Updated May 1, 2001
System in Vietnamese (3/4)
Oatlamoe e Giim He-thong Siau-kai
2. Vietnamese phonology
Attention: you will need IPA and Vietnamese fonts to read this paper.
Comparing to Taiwanese, Vietnamese vowels are much more complicated and difficult. The Vietnamese vocalic system was divided into upper and lower vocalics (Thompson 1987:19). The upper vocalics include six vowels, /i µ u e F o/. They are formed relatively high in the mouth and characterized by a three-way position (front, back unrounded, and back rounded). Lower vocalics include five vowels, /E Ť Ś a A/. They are formed relatively low and characterized by a two-way position distinction (front, back).
Table 2. Vietnamese vowels of Hanoi dialect.
/i/ high front or central unrounded vowel. Phonetically, /i/ can be divided into lower high central, upper high front, and lower high front.
Lower high central occurs before /c ř/.
e.g. ich ‘be useful’
Upper high front occurs before [e A p m] in the same syllable.
e.g. biet ‘to know’
chia ‘to divide’
Lower high front occurs elsewhere, i.e. before [j w t n].
e.g. di [dij] ‘go’
chiu [ciw] ‘endure’
/e/ Upper mid front or central unrounded vowel.
Upper mid central occurs before final /c ř/; and after [i] before [w p m t n] in the same syllable.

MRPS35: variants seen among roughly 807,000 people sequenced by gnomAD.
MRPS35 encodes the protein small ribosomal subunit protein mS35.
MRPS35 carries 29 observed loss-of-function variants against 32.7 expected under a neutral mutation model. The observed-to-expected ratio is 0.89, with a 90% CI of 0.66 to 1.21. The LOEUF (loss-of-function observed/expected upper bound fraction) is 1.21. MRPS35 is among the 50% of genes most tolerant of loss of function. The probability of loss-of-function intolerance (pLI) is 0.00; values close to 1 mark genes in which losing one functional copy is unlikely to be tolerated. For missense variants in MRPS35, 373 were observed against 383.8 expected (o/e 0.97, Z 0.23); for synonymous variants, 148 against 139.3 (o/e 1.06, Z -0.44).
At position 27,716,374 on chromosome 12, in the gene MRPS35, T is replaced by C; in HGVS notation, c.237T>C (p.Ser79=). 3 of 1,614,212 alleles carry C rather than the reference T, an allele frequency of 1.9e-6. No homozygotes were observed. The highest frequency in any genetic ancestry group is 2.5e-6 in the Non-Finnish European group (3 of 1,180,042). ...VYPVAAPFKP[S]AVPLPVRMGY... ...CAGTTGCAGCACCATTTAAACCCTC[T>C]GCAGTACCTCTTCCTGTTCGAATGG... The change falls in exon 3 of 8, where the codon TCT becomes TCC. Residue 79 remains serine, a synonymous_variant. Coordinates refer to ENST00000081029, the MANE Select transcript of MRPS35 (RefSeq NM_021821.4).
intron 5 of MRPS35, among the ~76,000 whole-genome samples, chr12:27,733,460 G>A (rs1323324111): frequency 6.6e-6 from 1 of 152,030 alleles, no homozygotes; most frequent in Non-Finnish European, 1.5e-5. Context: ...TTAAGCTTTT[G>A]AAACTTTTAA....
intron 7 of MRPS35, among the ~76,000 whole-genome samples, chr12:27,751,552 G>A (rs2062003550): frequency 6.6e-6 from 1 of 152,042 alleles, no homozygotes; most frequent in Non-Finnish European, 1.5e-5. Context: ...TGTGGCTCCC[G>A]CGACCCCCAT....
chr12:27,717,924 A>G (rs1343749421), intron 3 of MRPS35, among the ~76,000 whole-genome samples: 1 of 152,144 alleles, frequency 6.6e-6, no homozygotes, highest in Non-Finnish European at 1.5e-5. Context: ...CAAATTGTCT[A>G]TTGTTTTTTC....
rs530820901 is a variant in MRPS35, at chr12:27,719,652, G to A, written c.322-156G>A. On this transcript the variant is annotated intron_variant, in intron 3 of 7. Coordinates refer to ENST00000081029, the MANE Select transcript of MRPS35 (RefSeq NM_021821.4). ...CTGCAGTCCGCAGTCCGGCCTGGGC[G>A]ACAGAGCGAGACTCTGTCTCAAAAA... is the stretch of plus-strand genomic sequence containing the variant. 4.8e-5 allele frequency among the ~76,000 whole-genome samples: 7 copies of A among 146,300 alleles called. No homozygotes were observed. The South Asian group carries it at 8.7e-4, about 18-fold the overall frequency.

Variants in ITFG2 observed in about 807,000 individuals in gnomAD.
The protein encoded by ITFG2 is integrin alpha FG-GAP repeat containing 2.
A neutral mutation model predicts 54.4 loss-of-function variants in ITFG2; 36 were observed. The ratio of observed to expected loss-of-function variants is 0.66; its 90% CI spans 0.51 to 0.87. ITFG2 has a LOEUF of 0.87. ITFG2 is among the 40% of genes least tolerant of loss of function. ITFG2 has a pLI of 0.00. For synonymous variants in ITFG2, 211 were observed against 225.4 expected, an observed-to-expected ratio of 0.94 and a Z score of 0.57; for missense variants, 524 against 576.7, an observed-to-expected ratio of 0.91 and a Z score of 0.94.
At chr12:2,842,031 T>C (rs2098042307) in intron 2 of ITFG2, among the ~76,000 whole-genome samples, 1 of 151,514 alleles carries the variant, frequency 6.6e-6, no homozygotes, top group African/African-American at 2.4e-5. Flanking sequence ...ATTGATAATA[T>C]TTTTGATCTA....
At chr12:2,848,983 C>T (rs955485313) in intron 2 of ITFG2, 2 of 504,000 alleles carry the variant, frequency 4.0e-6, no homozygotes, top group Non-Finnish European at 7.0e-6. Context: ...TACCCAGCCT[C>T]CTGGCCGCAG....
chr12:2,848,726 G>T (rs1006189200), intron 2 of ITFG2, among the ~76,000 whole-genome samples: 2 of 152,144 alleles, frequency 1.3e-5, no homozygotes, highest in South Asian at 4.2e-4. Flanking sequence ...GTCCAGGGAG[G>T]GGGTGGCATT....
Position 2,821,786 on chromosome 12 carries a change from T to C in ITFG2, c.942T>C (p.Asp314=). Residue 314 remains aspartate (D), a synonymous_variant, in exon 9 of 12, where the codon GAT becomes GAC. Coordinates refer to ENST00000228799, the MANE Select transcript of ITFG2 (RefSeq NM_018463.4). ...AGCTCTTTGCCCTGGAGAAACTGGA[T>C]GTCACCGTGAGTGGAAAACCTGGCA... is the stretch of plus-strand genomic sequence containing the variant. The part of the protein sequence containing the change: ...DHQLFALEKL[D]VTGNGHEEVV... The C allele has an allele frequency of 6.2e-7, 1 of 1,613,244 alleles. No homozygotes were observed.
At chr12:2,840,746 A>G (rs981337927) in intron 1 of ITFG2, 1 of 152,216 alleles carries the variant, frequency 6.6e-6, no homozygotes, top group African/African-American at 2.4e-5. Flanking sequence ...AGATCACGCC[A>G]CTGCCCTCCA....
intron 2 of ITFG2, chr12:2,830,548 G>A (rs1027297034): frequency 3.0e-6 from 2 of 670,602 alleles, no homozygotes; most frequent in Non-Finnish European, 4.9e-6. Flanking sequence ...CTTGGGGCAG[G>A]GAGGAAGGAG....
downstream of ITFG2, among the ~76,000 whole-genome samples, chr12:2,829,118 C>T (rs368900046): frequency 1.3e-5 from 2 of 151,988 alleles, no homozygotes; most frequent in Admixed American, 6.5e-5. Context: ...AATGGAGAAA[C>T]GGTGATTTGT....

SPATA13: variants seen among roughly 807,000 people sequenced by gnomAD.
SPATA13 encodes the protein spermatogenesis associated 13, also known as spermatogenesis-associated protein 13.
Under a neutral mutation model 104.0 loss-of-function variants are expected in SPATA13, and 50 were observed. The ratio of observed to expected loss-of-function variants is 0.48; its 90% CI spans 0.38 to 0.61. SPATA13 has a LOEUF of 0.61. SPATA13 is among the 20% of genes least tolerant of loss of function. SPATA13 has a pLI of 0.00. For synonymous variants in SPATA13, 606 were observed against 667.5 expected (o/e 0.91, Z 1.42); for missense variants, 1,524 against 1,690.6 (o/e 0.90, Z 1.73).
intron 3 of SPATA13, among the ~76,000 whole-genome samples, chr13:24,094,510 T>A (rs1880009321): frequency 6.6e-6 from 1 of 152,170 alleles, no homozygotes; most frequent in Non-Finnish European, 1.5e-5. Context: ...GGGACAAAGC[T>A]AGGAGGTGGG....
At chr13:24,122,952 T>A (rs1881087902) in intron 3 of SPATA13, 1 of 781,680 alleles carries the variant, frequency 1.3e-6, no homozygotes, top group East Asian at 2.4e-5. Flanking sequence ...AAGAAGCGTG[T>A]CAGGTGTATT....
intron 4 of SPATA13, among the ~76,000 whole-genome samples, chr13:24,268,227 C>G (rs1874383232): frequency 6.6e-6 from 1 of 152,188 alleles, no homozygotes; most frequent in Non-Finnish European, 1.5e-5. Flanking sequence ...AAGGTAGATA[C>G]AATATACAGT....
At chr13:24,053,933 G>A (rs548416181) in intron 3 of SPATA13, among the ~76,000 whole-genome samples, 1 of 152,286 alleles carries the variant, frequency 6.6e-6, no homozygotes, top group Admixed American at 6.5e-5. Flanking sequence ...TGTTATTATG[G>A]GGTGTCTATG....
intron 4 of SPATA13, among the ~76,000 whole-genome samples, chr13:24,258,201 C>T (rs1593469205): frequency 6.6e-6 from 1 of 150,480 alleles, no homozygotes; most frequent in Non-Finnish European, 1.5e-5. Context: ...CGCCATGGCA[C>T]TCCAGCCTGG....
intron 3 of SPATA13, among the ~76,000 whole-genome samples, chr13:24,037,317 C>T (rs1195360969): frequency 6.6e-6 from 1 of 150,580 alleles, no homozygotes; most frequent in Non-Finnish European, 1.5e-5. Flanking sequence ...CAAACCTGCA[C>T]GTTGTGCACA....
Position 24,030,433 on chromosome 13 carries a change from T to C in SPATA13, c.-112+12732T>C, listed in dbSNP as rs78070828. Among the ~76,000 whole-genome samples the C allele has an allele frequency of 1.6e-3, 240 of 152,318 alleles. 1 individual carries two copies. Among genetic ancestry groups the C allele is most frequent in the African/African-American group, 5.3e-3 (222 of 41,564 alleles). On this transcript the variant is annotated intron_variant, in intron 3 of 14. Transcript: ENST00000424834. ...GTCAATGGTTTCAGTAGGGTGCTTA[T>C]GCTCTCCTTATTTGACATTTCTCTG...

e.g. ech ‘frog’
Upper mid front occurs elsewhere, i.e. before [j w p m t n].
e.g. de [dej] ‘put, place’
het ‘be used up’
/µ/ lower high back unrounded vowel.
e.g. tu, ‘fourth’
/F/ upper mid back unrounded vowel. For Taiwanese speakers, this vowel sounds like /«/ in Taiwanese, though they are not exactly the same.
e.g. cho, ‘market’
so,m ‘be early’
/u/ high back rounded vowel.
Upper high: before [p m]
e.g. chup ‘seize suddenly’
chum ‘earthenware jar’
Lower high: elsewhere.
e.g. nui ‘mountain’
chua ‘Buddhist temple’
/o/ upper mid back rounded vowel.
Higher mean mid: before [j w]
e.g. toi [toj] ‘I’
co [kow] ‘father's sister’
Mean mid strongly centralized: after /u/.
e.g buon ‘be sad’
Upper mid: elsewhere.
e.g. hom ‘day’
Three of the lower vacalics, i.e. /E Ť a/ are relatively long and appear in final position. The others, /Ś A/ are very short and do not occur finally.
/E/ lower mid front unrounded vowel.
e.g. nghe ‘listen’
/Ť/ lower mid back rounded vowel.
e.g. kho ‘difficult’
/a/ lower low front unrounded vowel. This vowel is similar to father in English or 拜 in Taiwanese.
e.g. bai ‘lesson’
lam ‘to act’
/Ś/ higher low central unrounded vowel.
e.g. may ‘machine’
an ‘to eat’
/A/ relatively low back unrounded vowel. This sound is similar to the vowel in English but.
Lower mid back, strongly centralized: after [w, b, f, v, m], before [j].
e.g. may ‘how many’
Lower mid back: elsewhere.
e.g. tay ‘west’